A human-shaped approach to security

Given the myriad of security solutions available today, Danny Ilic says the key challenge is to ensure customers accept new products and services and are comfortable using them.

Danny Ilic, global chief architect, information security head, Wipro
Danny Ilic, global chief architect, information security head, Wipro

In today's connected environment, consumers need access to services through whatever channel they choose. The challenge for companies to meet these evolving needs is exacerbated by the need for personalised services, a myriad of new technologies and devices, different levels of comfort in the sharing of personal information and employees wanting BYOD!

If this wasn't enough, security challenges are also constantly evolving in tandem. With increasingly sophisticated hacking attempts, data breaches hitting some of the world's largest brands and the potential for real reputational and business challenges, cyber-security is becoming a nightmare.

Security is unique as it goes vertically across all other industries, but there are certain key nuances to security challenges when you enter different markets – for example, it's a very different picture from a financial services point-of-view than from the side of say a technology vendor.

However, whatever sector they operate in, businesses should be looking at opportunities around the convergence of cyber-security and business value and how to integrate this proposition. The problem is that the traditional method of developing and designing security is no longer fit for purpose. The linear design method of looking at the data, then the infrastructure and getting to the user interface last, does not fit in with the way people perceive and use digital devices today.

The three pillars of security

This traditional approach to designing has been almost a one size fits all approach (while obviously not a one size fits all product). The focus has always been equally spread among the three pillars of security: confidentiality, integrity and availability. While these continue to be important elements of any security product or service, the importance of these pillars has now shifted (and continue to shift) depending on the individual industry and indeed organisation you are looking at.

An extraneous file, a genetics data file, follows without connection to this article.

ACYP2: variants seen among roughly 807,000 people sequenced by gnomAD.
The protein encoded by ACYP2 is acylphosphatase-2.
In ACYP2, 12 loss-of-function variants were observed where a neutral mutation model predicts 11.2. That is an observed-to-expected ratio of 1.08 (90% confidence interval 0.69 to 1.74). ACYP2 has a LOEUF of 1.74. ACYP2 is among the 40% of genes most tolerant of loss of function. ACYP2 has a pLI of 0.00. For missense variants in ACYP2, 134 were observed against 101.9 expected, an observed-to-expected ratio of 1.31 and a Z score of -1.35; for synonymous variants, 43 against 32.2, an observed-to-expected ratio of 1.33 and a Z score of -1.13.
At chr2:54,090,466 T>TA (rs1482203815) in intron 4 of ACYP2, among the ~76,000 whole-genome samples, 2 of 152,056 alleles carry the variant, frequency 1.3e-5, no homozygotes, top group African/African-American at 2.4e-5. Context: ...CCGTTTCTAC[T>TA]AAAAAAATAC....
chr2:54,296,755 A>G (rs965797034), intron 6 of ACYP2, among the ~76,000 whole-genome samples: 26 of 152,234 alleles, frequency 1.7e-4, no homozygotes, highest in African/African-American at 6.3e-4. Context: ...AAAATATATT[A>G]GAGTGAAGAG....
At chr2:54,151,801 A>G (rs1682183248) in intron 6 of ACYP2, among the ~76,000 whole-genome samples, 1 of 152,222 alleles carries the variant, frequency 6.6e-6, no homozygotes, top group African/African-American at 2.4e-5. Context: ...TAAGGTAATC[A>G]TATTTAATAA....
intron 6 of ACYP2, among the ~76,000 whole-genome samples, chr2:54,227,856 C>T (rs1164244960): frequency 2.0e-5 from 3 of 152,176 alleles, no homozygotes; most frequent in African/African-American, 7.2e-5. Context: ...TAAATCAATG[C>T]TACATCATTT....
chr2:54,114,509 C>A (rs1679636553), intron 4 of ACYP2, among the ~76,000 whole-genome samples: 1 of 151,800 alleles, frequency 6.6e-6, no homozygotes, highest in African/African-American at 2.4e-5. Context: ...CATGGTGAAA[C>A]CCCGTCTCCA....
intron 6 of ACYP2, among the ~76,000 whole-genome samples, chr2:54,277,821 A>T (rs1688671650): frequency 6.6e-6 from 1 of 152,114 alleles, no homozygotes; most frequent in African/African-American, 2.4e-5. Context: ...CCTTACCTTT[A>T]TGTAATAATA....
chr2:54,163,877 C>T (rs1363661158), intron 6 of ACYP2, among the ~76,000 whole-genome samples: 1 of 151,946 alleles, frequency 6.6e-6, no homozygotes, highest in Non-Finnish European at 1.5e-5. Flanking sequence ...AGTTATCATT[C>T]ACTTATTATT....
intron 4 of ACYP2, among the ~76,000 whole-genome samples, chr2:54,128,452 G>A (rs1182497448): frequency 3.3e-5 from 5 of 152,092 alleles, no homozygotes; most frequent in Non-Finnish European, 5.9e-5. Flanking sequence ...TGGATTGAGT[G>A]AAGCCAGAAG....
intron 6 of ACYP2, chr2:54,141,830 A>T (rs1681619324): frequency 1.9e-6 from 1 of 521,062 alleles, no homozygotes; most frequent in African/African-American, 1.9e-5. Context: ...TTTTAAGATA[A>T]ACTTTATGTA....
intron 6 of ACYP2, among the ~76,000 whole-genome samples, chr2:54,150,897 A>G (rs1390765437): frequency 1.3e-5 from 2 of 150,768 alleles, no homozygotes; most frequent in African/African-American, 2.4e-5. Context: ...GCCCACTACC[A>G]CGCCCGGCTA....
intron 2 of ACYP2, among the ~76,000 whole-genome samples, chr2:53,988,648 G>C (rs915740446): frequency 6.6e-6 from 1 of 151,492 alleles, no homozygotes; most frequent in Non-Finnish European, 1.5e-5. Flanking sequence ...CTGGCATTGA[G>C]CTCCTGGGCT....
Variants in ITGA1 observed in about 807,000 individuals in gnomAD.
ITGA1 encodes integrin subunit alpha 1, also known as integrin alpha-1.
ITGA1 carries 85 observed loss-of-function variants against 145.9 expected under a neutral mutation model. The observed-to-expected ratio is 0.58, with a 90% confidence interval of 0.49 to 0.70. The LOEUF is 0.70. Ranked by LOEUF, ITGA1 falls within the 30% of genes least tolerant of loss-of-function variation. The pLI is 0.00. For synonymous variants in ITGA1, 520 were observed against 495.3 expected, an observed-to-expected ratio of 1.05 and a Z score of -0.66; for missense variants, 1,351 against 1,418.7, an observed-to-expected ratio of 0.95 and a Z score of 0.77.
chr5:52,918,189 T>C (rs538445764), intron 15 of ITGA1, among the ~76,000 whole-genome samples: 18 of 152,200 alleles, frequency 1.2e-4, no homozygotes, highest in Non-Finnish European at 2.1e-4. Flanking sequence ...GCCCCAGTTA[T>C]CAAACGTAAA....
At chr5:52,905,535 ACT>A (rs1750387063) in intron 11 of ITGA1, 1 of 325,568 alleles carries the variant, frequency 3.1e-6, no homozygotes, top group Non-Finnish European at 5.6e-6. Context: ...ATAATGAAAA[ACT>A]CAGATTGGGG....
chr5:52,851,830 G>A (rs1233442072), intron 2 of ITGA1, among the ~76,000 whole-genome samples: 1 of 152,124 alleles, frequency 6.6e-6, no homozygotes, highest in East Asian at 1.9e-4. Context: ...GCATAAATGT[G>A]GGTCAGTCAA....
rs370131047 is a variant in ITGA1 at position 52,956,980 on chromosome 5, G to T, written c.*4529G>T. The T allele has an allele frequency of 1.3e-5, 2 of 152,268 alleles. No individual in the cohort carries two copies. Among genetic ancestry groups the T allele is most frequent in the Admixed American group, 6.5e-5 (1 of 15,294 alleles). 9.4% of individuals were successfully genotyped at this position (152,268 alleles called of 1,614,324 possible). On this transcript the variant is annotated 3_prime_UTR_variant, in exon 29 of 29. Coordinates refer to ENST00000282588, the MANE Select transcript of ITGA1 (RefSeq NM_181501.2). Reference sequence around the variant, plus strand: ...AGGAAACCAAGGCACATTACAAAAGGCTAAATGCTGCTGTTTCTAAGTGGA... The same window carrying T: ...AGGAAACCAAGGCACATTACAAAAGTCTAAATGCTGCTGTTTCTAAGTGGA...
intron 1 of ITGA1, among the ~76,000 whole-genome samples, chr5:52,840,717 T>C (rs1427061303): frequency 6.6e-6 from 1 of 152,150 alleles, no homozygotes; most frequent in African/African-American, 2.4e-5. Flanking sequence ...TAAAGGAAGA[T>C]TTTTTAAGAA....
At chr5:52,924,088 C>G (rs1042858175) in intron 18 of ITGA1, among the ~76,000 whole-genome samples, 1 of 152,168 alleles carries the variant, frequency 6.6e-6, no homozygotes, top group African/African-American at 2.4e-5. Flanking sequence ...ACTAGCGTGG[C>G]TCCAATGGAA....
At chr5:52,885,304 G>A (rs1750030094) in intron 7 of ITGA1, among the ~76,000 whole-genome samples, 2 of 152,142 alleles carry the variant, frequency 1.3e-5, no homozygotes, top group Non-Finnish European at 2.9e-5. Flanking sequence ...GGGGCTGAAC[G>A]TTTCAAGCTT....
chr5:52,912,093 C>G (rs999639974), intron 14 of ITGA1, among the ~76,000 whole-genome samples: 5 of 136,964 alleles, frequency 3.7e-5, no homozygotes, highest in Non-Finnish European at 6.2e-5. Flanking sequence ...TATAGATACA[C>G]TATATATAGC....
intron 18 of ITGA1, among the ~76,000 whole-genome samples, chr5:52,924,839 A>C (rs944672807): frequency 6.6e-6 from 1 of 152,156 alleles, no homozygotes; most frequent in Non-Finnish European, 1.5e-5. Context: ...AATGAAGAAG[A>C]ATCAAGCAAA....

For example the banking industry is far more concerned about privacy, confidentiality and trust, so you have to focus on those issues. In contrast, technology companies are more concerned about availability. However, one thing is for certain, whether you're a financial services organisation concerned about PCI compliance or a web services company thinking about ISO 7001, user experience must now be the first not the last consideration when it comes to security.

A unique evolution of the three pillars approach which we have developed is to use the pillars to design security from the outside looking in. With a focus on the customer experience, this approach to development runs alongside using Artificial Intelligence technologies to deliver security services.

The challenge of legacy infrastructure

While many organisations may be aware of this new way of thinking, they could be struggling with how it integrates with their existing business and legacy systems. Well, this new way of thinking can be mapped with existing legacy infrastructure to allow companies to move into new digital spaces and services, and there are two potential approaches here:

1. Looking at Devops and an agile way of changing processes and infrastructure

2. Develop brand new infrastructure products and services to deliver what is required now, and then later connect it into existing legacy infrastructure, enabling a shift to “green field” cyber-security digital architecture and services

While the first approach is much more common, the second approach will allow security to be designed based on new best practices and approaches, giving a quick kick-start to new digital services while not interfering with the existing way of doing business. As a result, the second approach has the potential to be much more beneficial and cost effective, but is a big mind-set shift that challenges companies to move beyond what they know and look to the future.

The future of security

It's clear that new security offerings are not following the conventional way of developing products, but this customer-centric mind-set is a total shift for the security industry and it is still bedding in right now. It's important to realise though that it is much easier to design new cyber-security products and services from scratch, with reporting, auditing and forensics designed based on best practices and not compromised by old ways of thinking. You can then replicate areas and input points when merging these new services into your existing infrastructure and legacy systems.

The bottom line is that security today needs to be not only agile, reactive and morphed, but seamless and human-shaped, with the customer as the first point of focus. Given the myriad of security solutions available today, the key challenge is to ensure customers accept the new products and services and are comfortable using them. This needs to be considered from the beginning, by looking at the consumer first and determining how the architecture will be designed downward (turning things upside down from how they used to do things) – a human-shaped approach to cyber-security.

Contributed by Danny Ilic, global chief architect, information security head, Wipro